• Improve pay equity: Well-defined job levels help you place people at the right level, with the right salary band, to improve pay equity. They also work to define when an employee is ready to move to the next career level, so promotion and compensation increase decisions are more consistent and fair.
  • Engage and retain your talent: A career path helps each employee envision a future at your organization, and career progression demonstrates to your employees that you value them. This can help you engage and retain your workforce, as employees won’t need to look for a job opportunity elsewhere in order to grow professionally.
  • Hold yourself accountable: Job levels defined with role responsibility and impact help you make important decisions around promotions and involuntary separations. They also help you commit to rewarding employees who are under-leveled, and letting go of employees who are underperforming where they’re slotted.

What to look for when planning, reviewing, and approving job levels

There are often many stakeholders involved in planning, reviewing, and approving job levels — from compensation specialists and Human Resources generalists to department heads and company executives. Each should be familiar with some best practices to ensure everyone's aligned.

  • Job descriptions: Differentiate the roles that fall under each job classification by thinking through the job responsibilities, expectations, and impact of each. If a given role can fall under different levels, explicitly state what is expected under each level to differentiate them. Documenting job descriptions will provide transparency around how job levels came about, and clearly demonstrate what it will take to advance to the next level.
  • A focus on impact: It’s not uncommon for a less experienced employee to make a bigger impact than a more seasoned employee. Make sure you retain top performers by awarding a job level and corresponding salary band that accurately reflects their impact rather than their years of experience. Similarly, a productive software developer shouldn’t get stuck in a low job level because they have no desire to be promoted into management. Make room for these individual contributors in a top job level so they can be recognized for their contributions and continue to see compensation growth that reflects their impact.
  • Room to grow: Your organization may not need many job levels now, as you may only have a handful of people in each job family. But as your company grows, more job levels can help differentiate between levels of responsibility and impact. Planning for those additional job levels before you need them can help you make better decisions when the time comes to scale across all departments.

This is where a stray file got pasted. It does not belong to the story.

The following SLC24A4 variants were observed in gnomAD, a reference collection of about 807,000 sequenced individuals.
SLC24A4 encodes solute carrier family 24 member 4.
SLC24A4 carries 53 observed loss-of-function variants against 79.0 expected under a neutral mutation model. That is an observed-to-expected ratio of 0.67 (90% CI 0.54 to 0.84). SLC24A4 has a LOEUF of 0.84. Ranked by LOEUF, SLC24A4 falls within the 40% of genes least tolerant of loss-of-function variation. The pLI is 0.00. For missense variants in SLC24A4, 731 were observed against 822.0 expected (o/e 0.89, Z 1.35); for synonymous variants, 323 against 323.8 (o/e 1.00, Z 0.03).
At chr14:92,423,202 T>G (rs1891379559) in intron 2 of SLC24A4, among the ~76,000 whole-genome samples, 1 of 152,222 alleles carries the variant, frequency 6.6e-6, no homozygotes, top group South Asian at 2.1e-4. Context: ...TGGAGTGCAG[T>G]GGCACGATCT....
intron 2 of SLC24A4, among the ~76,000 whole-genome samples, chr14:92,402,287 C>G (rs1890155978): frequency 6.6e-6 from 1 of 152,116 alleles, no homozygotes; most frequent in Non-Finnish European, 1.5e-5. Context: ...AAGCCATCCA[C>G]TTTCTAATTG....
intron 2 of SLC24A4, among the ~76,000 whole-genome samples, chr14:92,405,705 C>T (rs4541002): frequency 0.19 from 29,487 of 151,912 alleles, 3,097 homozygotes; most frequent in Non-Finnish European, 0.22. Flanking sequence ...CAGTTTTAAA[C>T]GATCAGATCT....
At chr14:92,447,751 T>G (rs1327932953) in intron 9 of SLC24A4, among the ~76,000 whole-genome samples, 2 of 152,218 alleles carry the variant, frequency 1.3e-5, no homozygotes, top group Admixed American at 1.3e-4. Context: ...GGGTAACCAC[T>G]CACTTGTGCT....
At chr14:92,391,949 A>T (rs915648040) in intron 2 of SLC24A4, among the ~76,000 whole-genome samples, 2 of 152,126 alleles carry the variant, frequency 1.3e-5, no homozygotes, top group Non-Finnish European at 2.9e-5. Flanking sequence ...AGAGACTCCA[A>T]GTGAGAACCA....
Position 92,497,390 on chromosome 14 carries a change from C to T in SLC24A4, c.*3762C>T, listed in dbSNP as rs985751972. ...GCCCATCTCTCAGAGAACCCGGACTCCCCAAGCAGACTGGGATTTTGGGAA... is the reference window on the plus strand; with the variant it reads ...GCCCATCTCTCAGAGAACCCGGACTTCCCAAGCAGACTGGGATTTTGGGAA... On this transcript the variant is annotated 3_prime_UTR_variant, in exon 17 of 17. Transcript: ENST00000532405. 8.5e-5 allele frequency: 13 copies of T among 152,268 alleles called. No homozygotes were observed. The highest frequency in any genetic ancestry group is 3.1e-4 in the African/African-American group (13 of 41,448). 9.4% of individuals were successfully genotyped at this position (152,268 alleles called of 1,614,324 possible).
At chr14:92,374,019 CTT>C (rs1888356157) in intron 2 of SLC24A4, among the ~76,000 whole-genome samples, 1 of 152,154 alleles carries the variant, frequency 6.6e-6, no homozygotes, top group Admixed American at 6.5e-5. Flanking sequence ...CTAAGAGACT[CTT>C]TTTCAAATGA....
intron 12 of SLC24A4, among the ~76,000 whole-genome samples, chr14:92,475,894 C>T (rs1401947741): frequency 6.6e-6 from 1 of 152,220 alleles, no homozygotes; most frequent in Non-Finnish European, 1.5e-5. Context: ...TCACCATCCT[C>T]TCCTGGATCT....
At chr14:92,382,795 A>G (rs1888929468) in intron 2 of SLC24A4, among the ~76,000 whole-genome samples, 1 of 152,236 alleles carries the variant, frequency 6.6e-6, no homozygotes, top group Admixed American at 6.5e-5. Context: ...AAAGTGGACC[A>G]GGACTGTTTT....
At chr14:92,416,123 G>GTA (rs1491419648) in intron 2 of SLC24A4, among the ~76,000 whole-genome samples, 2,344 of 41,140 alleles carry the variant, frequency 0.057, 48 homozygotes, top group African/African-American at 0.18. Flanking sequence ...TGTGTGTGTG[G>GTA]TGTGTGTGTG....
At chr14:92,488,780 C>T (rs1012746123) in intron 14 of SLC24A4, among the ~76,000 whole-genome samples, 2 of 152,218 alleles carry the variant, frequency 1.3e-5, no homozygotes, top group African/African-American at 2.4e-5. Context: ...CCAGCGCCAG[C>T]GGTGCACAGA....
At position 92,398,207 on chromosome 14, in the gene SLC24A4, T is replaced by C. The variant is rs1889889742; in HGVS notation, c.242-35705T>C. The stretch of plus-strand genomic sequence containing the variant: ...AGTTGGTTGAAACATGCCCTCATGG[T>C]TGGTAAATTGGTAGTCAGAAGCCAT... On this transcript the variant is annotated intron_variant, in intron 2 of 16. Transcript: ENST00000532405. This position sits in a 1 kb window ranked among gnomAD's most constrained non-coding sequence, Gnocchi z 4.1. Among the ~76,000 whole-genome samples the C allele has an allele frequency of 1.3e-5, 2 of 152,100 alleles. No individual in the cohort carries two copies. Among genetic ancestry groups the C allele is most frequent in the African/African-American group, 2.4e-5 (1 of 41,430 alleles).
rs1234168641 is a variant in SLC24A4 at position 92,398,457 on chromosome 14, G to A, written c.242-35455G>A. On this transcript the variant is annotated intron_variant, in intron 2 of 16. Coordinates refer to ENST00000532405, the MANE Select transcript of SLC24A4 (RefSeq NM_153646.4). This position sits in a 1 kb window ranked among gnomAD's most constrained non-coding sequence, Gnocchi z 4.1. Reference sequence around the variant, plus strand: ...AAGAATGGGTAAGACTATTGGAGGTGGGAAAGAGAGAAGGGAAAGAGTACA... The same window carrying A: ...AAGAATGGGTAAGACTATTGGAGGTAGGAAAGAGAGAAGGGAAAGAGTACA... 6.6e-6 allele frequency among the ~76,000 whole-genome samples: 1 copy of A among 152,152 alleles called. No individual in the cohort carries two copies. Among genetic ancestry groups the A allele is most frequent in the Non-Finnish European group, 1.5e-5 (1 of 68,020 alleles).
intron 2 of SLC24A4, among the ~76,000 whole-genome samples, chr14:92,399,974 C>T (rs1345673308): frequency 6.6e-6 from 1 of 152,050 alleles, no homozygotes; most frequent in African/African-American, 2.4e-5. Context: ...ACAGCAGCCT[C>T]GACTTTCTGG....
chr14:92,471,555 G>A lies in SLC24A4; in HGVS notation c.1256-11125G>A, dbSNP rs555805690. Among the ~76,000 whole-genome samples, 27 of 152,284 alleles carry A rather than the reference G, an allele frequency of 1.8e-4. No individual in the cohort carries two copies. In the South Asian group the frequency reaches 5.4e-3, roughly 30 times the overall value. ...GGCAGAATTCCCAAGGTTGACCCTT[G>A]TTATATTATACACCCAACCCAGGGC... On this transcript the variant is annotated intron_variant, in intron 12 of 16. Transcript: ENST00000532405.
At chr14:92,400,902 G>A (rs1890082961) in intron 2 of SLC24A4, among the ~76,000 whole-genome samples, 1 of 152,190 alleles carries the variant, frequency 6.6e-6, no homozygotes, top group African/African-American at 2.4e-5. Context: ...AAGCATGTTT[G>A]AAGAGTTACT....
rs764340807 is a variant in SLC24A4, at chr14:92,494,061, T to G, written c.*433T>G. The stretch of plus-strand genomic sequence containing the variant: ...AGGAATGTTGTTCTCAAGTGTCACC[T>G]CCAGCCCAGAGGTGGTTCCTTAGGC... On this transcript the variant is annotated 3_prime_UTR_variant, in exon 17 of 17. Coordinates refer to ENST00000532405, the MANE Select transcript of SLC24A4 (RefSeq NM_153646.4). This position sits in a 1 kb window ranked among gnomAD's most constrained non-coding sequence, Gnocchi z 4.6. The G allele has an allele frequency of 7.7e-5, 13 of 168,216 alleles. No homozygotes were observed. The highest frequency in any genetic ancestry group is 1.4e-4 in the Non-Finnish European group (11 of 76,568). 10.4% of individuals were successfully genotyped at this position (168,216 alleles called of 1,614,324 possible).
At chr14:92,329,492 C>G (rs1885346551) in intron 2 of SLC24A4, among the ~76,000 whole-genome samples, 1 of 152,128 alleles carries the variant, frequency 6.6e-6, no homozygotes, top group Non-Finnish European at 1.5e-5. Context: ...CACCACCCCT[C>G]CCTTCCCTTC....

• A communication plan: The best time to build job levels was before you started hiring. The next best time is now. If you’ve already begun building out your team, you'll need a plan to address any changes you need to make and a plan to communicate those changes with your team. For example, you may find that some employees are in a higher level than they should be and that you’re overpaying them. Let them know that they’re not eligible for a pay increase until they move to the next level — and tell them what it will take to get there. Or you may find that some employees need to be moved up to the next job level and salary band to reflect their impact. Create a plan for how and when you'll make those adjustments and share that plan with your employee so they know it's coming. Thoughtful communication around compensation can be just as important as the pay itself.

Final thoughts: Job levels lead to better compensation decisions

It’s common for organizations to arbitrarily assign job levels and pay grades — but doing so can cause a lot of problems. Over-inflating titles may leave little room for future hiring plans and lead to inflated compensation. And without a firm compensation strategy in place, decisions are made ad hoc — potentially leading to pay inequities as you continue to grow. Being intentional about job levels and corresponding salary bands can prevent these issues, while making it easier to attract, engage, and retain talent.